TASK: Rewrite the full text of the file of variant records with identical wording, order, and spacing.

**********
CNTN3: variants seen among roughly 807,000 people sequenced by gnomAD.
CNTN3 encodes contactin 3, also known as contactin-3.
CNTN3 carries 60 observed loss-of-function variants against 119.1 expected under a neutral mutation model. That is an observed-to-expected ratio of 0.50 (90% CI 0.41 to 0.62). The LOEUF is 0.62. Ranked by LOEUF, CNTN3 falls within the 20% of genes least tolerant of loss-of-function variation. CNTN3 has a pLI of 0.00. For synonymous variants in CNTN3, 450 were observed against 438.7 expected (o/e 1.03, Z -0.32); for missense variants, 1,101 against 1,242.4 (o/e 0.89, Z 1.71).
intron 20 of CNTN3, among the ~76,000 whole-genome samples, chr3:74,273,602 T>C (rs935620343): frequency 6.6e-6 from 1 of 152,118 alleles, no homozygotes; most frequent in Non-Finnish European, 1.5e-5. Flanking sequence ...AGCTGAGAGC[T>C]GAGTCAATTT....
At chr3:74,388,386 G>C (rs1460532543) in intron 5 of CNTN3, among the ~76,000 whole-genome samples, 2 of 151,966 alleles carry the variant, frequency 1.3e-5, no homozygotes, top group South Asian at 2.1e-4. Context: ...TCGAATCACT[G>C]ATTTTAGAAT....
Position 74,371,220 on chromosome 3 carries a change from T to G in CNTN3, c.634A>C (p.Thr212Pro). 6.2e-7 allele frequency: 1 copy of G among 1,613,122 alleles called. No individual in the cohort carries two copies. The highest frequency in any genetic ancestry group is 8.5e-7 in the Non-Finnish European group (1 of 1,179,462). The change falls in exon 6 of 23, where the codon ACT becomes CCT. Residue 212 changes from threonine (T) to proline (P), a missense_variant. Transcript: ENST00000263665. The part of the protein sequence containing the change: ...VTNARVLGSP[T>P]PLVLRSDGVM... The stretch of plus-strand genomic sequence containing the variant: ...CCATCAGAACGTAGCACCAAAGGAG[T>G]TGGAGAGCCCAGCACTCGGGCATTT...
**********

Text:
CNTN3: variants seen among roughly 807,000 people sequenced by gnomAD.
CNTN3 encodes contactin 3, also known as contactin-3.
CNTN3 carries 60 observed loss-of-function variants against 119.1 expected under a neutral mutation model. That is an observed-to-expected ratio of 0.50 (90% CI 0.41 to 0.62). The LOEUF is 0.62. Ranked by LOEUF, CNTN3 falls within the 20% of genes least tolerant of loss-of-function variation. CNTN3 has a pLI of 0.00. For synonymous variants in CNTN3, 450 were observed against 438.7 expected (o/e 1.03, Z -0.32); for missense variants, 1,101 against 1,242.4 (o/e 0.89, Z 1.71).
intron 20 of CNTN3, among the ~76,000 whole-genome samples, chr3:74,273,602 T>C (rs935620343): frequency 6.6e-6 from 1 of 152,118 alleles, no homozygotes; most frequent in Non-Finnish European, 1.5e-5. Flanking sequence ...AGCTGAGAGC[T>C]GAGTCAATTT....
At chr3:74,388,386 G>C (rs1460532543) in intron 5 of CNTN3, among the ~76,000 whole-genome samples, 2 of 151,966 alleles carry the variant, frequency 1.3e-5, no homozygotes, top group South Asian at 2.1e-4. Context: ...TCGAATCACT[G>C]ATTTTAGAAT....
Position 74,371,220 on chromosome 3 carries a change from T to G in CNTN3, c.634A>C (p.Thr212Pro). 6.2e-7 allele frequency: 1 copy of G among 1,613,122 alleles called. No individual in the cohort carries two copies. The highest frequency in any genetic ancestry group is 8.5e-7 in the Non-Finnish European group (1 of 1,179,462). The change falls in exon 6 of 23, where the codon ACT becomes CCT. Residue 212 changes from threonine (T) to proline (P), a missense_variant. Transcript: ENST00000263665. The part of the protein sequence containing the change: ...VTNARVLGSP[T>P]PLVLRSDGVM... The stretch of plus-strand genomic sequence containing the variant: ...CCATCAGAACGTAGCACCAAAGGAG[T>G]TGGAGAGCCCAGCACTCGGGCATTT...